In Sickness and in Health: Small joys in the shape of a cardboard leprechaun

I don't usually celebrate St Patrick's Day, but in care homes annual festivals are a big deal

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The Independent Online

Last year, Rebecca’s husband Nick was hit by a car and seriously injured. Here, in one of a series of columns, she writes about the aftermath of his accident.

I’ve never done anything to celebrate St Patrick’s Day. I’m not Irish, I’m not Irish-American, I haven’t been to Ireland on 17 March. I don’t even like Guinness, at least not since I drank six pints of the stuff the night before my art GCSE practical and spent a day running from easel to loo. That gave me plenty of time to vow never to touch a drop of the black stuff ever again.

It’s one of many annual events that only crosses my radar because my work inbox fills with press releases that are tenuously linked to the festivities in question. I also fail to make pancakes on Shrove Tuesday and Chinese New Year passed me by, so I’ve only just found out that 2015 is the rather biologically broad year of the sheep/goat.

But in care-home land, these festivals are a big deal. Pancakes are flipped and dragon dances are showcased. Right now, there are leprechauns left, right and centre. Made from card and adorned with honeycombs of tissue paper, they’re pinned up alongside notices about an Irish dancing session and a St Patrick’s Day cake sale.

When Nick first arrived here, it was the day before Halloween and the place was laden with plastic pumpkins, fake spiders and other spooky tchotchkes. There was a party the following day on the home’s forecourt, with a barbecue, a pumpkin competition, raffle and face painting. Residents, staff and their families were there, a few – the ones in wheelchairs – swaddled in blankets and duvets to keep out the autumn chill. There have been Christmas carols and a New Year disco since then. There’s a Bo Peep theme for Easter and a Wimbledon party coming up.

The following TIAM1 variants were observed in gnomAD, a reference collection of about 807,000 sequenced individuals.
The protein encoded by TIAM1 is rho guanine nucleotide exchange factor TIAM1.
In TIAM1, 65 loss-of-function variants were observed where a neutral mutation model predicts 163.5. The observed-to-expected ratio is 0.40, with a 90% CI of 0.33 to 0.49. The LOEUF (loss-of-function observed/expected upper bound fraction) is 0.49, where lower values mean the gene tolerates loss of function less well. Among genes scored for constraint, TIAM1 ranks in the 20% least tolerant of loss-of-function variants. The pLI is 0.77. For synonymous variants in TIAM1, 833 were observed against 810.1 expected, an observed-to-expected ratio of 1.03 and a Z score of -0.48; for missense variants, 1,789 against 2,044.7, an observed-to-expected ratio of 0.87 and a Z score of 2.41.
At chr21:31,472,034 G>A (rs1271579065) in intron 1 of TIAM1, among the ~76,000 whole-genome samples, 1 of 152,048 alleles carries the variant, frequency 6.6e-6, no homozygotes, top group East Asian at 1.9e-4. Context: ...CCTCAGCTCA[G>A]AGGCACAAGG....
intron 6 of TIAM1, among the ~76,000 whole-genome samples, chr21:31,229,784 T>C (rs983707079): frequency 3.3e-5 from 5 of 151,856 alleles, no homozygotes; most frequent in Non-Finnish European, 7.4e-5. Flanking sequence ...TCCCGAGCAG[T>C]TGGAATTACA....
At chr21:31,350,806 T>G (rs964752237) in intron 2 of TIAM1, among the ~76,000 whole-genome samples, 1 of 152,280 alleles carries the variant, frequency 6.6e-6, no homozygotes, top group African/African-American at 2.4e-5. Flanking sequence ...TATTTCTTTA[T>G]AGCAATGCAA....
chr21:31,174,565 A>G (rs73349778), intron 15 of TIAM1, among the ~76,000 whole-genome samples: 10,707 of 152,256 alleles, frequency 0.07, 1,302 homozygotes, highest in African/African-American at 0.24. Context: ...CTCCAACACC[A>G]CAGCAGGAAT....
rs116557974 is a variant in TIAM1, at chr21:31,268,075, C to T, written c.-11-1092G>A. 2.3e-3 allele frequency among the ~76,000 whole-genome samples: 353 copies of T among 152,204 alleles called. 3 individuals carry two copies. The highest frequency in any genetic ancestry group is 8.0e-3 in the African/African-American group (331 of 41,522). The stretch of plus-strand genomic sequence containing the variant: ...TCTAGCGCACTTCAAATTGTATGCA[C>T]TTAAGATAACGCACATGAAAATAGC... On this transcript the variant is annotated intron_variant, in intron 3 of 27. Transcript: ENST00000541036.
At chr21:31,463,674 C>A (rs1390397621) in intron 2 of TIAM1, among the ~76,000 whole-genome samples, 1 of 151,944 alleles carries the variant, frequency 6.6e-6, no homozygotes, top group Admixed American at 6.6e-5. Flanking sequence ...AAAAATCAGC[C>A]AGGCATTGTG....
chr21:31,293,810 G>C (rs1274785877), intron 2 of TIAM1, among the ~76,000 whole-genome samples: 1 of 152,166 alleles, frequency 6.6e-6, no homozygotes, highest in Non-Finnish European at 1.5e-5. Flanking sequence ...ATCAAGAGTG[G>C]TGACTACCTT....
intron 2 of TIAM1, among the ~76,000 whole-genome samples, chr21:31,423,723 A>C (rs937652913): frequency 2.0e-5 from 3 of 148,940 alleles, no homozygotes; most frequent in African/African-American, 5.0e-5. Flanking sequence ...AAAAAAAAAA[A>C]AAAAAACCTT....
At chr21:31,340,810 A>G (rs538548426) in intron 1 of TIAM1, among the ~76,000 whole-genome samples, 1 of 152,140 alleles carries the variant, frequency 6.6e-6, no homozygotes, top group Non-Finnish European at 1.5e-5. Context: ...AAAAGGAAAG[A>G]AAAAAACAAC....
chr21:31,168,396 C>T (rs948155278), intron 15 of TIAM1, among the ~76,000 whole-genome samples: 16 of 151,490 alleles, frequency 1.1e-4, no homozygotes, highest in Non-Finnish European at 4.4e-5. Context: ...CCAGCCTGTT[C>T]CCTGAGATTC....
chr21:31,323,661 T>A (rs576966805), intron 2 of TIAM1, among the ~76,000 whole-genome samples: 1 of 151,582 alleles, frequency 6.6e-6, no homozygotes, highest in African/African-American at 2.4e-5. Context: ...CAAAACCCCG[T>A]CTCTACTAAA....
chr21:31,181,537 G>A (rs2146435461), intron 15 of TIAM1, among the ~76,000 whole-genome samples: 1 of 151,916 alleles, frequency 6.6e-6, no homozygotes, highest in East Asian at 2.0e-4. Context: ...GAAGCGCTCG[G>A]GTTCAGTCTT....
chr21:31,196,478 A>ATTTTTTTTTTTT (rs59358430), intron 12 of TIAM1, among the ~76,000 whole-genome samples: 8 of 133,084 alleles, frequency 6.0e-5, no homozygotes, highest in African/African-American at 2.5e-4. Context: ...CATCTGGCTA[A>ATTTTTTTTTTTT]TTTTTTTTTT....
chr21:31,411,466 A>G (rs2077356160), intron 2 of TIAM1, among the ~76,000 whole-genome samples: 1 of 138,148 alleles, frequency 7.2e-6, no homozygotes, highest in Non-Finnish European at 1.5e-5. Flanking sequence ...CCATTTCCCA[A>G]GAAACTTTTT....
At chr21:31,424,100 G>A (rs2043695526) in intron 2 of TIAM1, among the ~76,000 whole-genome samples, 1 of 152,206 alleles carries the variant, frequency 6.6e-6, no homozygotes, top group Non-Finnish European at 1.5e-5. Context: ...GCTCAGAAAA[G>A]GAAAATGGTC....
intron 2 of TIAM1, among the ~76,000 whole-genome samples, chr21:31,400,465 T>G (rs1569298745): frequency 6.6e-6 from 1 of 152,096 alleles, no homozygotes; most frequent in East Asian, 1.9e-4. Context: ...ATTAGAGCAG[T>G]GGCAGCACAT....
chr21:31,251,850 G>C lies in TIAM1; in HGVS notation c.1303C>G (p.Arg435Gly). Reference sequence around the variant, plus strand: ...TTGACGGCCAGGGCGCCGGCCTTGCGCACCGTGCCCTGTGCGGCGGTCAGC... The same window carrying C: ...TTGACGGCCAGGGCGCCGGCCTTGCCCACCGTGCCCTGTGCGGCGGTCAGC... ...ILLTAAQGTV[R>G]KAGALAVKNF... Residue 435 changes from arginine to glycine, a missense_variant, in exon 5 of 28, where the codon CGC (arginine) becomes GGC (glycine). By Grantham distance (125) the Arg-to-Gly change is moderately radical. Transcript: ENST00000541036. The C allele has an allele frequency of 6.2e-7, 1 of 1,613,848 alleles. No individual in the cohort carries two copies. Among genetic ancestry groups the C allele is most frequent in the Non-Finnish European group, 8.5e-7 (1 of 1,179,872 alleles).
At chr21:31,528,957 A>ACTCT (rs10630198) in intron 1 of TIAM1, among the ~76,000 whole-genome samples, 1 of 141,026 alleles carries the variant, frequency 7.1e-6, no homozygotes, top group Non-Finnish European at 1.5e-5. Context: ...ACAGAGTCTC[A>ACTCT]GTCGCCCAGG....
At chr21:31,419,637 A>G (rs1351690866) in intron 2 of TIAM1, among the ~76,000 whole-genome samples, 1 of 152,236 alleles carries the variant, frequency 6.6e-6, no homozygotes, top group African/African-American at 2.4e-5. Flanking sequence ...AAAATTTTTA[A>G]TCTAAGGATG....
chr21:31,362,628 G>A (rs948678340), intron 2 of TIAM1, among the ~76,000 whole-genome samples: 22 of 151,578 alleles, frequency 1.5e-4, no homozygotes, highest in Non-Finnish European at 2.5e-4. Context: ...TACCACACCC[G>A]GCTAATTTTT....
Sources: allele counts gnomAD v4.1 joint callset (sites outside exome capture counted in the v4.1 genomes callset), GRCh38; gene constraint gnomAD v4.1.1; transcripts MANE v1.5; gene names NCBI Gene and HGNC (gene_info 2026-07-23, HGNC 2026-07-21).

At first, I was taken aback by the enthusiasm with which each of these events was greeted. The different decorations alone – paper dragons, light-up snow scenes – must take up a hell of a lot of space in a loft somewhere. But spending time in a place where things are the same day in, day out, when the most exciting moment of an average day is dinner, it makes sense to seek out things that mark the changing seasons and that give people something to look forward to. And the effort that the staff makes to involve people never fails to move me. Touches such as the sparkly felt stocking with Nick’s name on, attached to his door at Christmas, or the poppy that appeared on his wall to mark Remembrance Day, make me happy and sad at the same time.

Still, I’m not the one who lives here. As someone who has always bucked against socialising with strangers and who is suspicious of organised events that are described as “just a bit of fun”, Nick is a much tougher customer to please. He’d probably prefer a wine-tasting evening a deux or a VIP garden party with a DJ playing chilled-out Ibizan beats. But even he admits that he thinks some of the festivities are good and that, for those people who don’t have families or regular visitors, they break up what must be a horribly textureless existence. Sometimes it’s hard to be cheerful; a bit of enforced jollity can, on occasion, turn into the real deal.